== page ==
Now that all seems very simple, and that’s because it is. The more you overcomplicate the portfolio, the more of a headache it will become. KISS (keep it simple, stupid) is one of my favourite acronyms.

Format:

A standard Word document, PDF, or PowerPoint works best. I’ve seen all manner of methods of presenting portfolios and they’re just not as efficient. I’ve seen video portfolios, websites, voice recordings, etc. The more complicated you make the portfolio the harder it is to mark and find evidence which means that your End-Point Assessor may miss important details. When it doubt, keep it simple and stick to the basics.

Types of evidence:

  • Screenshots – The bread and butter of the portfolio. These will be accompanied by written accounts and narratives. They’re great for showing processes and examples towards the competencies. Try not to crop them down too much;
  • Written accounts – Your screenshot’s partner in crime. You’ll use written accounts to tell the reader what you did, how you did it, why you did it, etc. Think the 5 Ws. You work in marketing, you’re going to want to get used to doing some writing at the end of the day.
  • Videos – These are great, but keep them short if you can. There is nothing worse than getting a number of 45-minute-long videos to sift through. Make sure you use them effectively to demonstrate real-world activities or something that you’d like to narrate over. Also, remember to embed them into documents or supply the physical files at gateway;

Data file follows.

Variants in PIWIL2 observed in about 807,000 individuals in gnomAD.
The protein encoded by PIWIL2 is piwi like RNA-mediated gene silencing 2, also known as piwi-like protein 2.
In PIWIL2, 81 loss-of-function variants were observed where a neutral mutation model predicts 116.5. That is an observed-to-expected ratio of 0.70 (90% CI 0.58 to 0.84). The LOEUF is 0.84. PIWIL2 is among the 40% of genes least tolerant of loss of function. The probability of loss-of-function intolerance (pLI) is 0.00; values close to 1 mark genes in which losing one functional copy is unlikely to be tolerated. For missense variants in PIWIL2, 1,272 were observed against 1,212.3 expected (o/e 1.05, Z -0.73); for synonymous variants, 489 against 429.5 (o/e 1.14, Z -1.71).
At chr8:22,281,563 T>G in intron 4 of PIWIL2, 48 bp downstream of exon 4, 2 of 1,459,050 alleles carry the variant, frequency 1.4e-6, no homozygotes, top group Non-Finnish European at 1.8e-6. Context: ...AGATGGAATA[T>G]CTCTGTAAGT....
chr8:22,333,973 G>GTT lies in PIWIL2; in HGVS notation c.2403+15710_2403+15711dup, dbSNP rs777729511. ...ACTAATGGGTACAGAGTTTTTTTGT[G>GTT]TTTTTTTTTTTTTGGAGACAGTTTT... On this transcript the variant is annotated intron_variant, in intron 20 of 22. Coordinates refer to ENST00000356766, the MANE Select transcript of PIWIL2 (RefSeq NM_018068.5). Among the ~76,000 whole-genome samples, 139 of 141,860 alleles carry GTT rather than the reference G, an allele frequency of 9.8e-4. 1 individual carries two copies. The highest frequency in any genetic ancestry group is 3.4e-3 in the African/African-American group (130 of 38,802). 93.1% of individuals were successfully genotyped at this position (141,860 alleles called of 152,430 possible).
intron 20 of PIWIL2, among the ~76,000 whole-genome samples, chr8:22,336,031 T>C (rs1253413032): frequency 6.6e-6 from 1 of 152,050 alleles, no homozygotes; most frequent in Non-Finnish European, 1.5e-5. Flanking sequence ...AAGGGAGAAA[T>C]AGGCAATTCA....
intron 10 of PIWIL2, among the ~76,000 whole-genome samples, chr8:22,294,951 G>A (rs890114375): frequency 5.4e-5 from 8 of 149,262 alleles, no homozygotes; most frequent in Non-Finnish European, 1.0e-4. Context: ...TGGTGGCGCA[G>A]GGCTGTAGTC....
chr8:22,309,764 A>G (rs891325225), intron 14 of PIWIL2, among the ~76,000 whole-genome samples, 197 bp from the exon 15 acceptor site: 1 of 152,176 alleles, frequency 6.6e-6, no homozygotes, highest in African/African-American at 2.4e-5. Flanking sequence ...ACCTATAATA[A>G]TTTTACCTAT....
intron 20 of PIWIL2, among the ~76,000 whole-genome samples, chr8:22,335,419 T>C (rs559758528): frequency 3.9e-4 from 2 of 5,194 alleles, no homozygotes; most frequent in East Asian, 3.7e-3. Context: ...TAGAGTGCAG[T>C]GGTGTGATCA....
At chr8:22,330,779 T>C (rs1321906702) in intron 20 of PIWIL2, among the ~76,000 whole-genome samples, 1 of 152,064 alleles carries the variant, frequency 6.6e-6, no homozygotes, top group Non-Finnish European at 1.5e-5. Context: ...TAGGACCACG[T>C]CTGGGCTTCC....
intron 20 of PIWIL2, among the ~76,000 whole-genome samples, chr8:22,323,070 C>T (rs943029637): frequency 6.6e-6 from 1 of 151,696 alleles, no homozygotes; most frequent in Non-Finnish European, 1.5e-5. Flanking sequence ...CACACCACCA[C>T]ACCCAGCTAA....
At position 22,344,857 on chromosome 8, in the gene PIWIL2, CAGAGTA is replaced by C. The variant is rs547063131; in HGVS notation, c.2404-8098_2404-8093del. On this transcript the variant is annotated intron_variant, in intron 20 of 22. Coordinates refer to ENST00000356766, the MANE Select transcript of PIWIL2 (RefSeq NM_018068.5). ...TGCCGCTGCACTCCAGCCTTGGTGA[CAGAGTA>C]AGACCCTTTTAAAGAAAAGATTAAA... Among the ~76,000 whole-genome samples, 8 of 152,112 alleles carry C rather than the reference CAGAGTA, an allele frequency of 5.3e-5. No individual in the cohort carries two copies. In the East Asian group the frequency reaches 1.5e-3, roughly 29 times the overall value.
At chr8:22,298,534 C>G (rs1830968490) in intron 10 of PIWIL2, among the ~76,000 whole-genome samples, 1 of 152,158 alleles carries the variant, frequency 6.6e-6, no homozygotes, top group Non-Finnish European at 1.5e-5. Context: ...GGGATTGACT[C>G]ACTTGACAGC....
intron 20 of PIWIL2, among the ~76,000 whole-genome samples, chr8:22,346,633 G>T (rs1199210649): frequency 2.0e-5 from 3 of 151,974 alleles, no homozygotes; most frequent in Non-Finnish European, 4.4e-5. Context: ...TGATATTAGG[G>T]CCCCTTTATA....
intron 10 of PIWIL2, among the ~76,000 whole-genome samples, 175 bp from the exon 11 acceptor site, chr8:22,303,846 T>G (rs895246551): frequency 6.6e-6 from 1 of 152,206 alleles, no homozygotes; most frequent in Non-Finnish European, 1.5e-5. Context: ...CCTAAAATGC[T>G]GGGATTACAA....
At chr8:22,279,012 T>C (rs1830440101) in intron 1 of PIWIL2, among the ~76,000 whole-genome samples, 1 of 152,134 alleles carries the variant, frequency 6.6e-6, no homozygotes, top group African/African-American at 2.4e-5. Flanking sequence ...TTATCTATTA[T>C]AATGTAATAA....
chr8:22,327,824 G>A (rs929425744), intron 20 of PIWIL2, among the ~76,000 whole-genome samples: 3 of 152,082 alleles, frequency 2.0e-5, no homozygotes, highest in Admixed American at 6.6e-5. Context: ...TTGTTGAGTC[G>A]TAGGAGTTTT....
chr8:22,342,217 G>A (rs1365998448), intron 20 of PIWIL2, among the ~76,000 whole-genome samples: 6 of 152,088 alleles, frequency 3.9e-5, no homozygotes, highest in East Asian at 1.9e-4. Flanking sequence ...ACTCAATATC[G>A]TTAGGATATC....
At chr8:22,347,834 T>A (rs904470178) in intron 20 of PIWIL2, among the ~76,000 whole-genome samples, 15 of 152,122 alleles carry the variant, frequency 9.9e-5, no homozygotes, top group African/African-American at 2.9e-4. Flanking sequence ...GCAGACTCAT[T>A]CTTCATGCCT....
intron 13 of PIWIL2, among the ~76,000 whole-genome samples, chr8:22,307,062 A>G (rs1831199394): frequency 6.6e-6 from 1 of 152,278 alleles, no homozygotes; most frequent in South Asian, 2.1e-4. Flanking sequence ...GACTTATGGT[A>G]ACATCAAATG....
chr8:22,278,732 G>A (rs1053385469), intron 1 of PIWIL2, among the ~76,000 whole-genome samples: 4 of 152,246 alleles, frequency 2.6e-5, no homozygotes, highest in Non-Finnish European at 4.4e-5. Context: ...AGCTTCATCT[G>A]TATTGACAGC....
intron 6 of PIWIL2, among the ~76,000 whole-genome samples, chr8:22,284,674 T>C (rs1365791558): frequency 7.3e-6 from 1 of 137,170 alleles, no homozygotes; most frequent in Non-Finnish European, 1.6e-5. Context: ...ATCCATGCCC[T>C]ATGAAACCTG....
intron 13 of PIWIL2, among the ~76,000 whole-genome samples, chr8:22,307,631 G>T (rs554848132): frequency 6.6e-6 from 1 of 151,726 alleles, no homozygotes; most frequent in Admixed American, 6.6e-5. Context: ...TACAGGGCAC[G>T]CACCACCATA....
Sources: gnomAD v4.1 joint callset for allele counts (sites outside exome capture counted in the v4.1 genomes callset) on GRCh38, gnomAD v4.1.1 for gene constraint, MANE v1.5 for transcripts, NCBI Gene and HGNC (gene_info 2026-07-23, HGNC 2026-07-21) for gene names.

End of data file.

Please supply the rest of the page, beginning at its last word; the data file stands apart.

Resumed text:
• Audio recordings – Not so great. Avoid audio recordings if possible as you can achieve the same result by just using screenshots, written accounts, of a video.

End-to-end projects:

For the most part, you should be concentrating on documenting projects end-to-end. I like to refer to the process as showing the plan, do, and review of your campaigns. When you use this approach you’ll naturally work towards many more of the competencies in one go than doing tiny little projects all over the place. For example, someone showing and discussing the briefing, research, planning, execution, data collection, optimisations, and final review of a marketing project will likely work towards 90% of the competencies across the standard. In comparison, someone showing a quick process of popping some posts up on Instagram, maybe 20% of the competencies.